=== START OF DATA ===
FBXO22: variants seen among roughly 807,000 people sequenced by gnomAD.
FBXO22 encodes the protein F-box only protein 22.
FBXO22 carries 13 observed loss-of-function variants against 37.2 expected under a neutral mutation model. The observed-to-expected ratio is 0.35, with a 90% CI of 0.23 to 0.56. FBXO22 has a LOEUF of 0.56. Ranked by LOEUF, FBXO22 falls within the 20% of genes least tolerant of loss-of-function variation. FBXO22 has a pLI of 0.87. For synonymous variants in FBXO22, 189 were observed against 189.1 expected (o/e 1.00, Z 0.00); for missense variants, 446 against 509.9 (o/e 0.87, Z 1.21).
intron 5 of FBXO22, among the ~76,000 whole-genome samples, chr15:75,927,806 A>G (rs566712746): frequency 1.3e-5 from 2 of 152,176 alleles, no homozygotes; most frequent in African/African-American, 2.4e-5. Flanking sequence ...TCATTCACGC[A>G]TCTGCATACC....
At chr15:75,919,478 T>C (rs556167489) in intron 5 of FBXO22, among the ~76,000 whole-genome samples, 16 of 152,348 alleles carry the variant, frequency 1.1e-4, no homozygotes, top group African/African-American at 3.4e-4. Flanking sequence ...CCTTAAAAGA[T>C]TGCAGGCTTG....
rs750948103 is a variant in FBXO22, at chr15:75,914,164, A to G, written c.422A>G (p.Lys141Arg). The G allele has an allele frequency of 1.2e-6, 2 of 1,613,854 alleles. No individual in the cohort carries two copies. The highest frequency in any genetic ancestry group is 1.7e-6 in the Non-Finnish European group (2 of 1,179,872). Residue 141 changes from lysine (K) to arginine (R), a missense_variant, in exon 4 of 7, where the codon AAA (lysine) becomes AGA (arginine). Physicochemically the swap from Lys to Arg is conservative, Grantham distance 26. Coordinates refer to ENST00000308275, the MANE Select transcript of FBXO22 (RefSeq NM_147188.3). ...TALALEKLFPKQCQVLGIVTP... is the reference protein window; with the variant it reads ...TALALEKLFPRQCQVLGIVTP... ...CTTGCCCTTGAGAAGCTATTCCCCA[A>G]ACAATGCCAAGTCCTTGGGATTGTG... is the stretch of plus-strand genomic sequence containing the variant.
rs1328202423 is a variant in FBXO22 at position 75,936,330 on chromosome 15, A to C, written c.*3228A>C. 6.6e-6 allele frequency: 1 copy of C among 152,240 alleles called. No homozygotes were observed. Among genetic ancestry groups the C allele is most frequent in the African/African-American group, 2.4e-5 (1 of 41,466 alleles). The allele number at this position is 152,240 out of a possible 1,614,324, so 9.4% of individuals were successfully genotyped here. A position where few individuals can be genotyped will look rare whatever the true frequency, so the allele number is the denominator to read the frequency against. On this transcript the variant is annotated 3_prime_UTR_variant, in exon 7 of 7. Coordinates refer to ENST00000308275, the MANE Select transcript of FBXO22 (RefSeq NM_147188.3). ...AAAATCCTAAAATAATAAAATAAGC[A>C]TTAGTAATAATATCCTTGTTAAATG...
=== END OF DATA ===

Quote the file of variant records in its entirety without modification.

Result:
FBXO22: variants seen among roughly 807,000 people sequenced by gnomAD.
FBXO22 encodes the protein F-box only protein 22.
FBXO22 carries 13 observed loss-of-function variants against 37.2 expected under a neutral mutation model. The observed-to-expected ratio is 0.35, with a 90% CI of 0.23 to 0.56. FBXO22 has a LOEUF of 0.56. Ranked by LOEUF, FBXO22 falls within the 20% of genes least tolerant of loss-of-function variation. FBXO22 has a pLI of 0.87. For synonymous variants in FBXO22, 189 were observed against 189.1 expected (o/e 1.00, Z 0.00); for missense variants, 446 against 509.9 (o/e 0.87, Z 1.21).
intron 5 of FBXO22, among the ~76,000 whole-genome samples, chr15:75,927,806 A>G (rs566712746): frequency 1.3e-5 from 2 of 152,176 alleles, no homozygotes; most frequent in African/African-American, 2.4e-5. Flanking sequence ...TCATTCACGC[A>G]TCTGCATACC....
At chr15:75,919,478 T>C (rs556167489) in intron 5 of FBXO22, among the ~76,000 whole-genome samples, 16 of 152,348 alleles carry the variant, frequency 1.1e-4, no homozygotes, top group African/African-American at 3.4e-4. Flanking sequence ...CCTTAAAAGA[T>C]TGCAGGCTTG....
rs750948103 is a variant in FBXO22, at chr15:75,914,164, A to G, written c.422A>G (p.Lys141Arg). The G allele has an allele frequency of 1.2e-6, 2 of 1,613,854 alleles. No individual in the cohort carries two copies. The highest frequency in any genetic ancestry group is 1.7e-6 in the Non-Finnish European group (2 of 1,179,872). Residue 141 changes from lysine (K) to arginine (R), a missense_variant, in exon 4 of 7, where the codon AAA (lysine) becomes AGA (arginine). Physicochemically the swap from Lys to Arg is conservative, Grantham distance 26. Coordinates refer to ENST00000308275, the MANE Select transcript of FBXO22 (RefSeq NM_147188.3). ...TALALEKLFPKQCQVLGIVTP... is the reference protein window; with the variant it reads ...TALALEKLFPRQCQVLGIVTP... ...CTTGCCCTTGAGAAGCTATTCCCCA[A>G]ACAATGCCAAGTCCTTGGGATTGTG... is the stretch of plus-strand genomic sequence containing the variant.
rs1328202423 is a variant in FBXO22 at position 75,936,330 on chromosome 15, A to C, written c.*3228A>C. 6.6e-6 allele frequency: 1 copy of C among 152,240 alleles called. No homozygotes were observed. Among genetic ancestry groups the C allele is most frequent in the African/African-American group, 2.4e-5 (1 of 41,466 alleles). The allele number at this position is 152,240 out of a possible 1,614,324, so 9.4% of individuals were successfully genotyped here. A position where few individuals can be genotyped will look rare whatever the true frequency, so the allele number is the denominator to read the frequency against. On this transcript the variant is annotated 3_prime_UTR_variant, in exon 7 of 7. Coordinates refer to ENST00000308275, the MANE Select transcript of FBXO22 (RefSeq NM_147188.3). ...AAAATCCTAAAATAATAAAATAAGC[A>C]TTAGTAATAATATCCTTGTTAAATG...